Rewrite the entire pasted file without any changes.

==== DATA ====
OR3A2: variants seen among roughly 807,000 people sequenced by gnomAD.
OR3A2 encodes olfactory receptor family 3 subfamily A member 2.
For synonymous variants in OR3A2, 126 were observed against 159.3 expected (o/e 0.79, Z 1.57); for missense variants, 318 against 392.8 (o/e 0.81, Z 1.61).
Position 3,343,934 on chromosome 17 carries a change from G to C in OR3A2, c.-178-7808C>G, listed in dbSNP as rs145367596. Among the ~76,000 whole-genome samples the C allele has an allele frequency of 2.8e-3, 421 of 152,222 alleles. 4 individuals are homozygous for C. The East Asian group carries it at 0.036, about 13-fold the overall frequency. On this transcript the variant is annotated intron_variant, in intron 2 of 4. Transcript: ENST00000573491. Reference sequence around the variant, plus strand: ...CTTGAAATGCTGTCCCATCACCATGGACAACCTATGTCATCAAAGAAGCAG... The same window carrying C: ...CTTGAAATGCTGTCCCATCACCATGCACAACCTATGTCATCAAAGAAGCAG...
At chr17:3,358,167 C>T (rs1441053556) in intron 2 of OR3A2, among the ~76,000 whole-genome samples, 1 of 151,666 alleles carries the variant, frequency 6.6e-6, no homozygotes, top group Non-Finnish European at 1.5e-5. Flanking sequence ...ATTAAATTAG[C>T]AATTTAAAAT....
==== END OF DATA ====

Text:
OR3A2: variants seen among roughly 807,000 people sequenced by gnomAD.
OR3A2 encodes olfactory receptor family 3 subfamily A member 2.
For synonymous variants in OR3A2, 126 were observed against 159.3 expected (o/e 0.79, Z 1.57); for missense variants, 318 against 392.8 (o/e 0.81, Z 1.61).
Position 3,343,934 on chromosome 17 carries a change from G to C in OR3A2, c.-178-7808C>G, listed in dbSNP as rs145367596. Among the ~76,000 whole-genome samples the C allele has an allele frequency of 2.8e-3, 421 of 152,222 alleles. 4 individuals are homozygous for C. The East Asian group carries it at 0.036, about 13-fold the overall frequency. On this transcript the variant is annotated intron_variant, in intron 2 of 4. Transcript: ENST00000573491. Reference sequence around the variant, plus strand: ...CTTGAAATGCTGTCCCATCACCATGGACAACCTATGTCATCAAAGAAGCAG... The same window carrying C: ...CTTGAAATGCTGTCCCATCACCATGCACAACCTATGTCATCAAAGAAGCAG...
At chr17:3,358,167 C>T (rs1441053556) in intron 2 of OR3A2, among the ~76,000 whole-genome samples, 1 of 151,666 alleles carries the variant, frequency 6.6e-6, no homozygotes, top group Non-Finnish European at 1.5e-5. Flanking sequence ...ATTAAATTAG[C>T]AATTTAAAAT....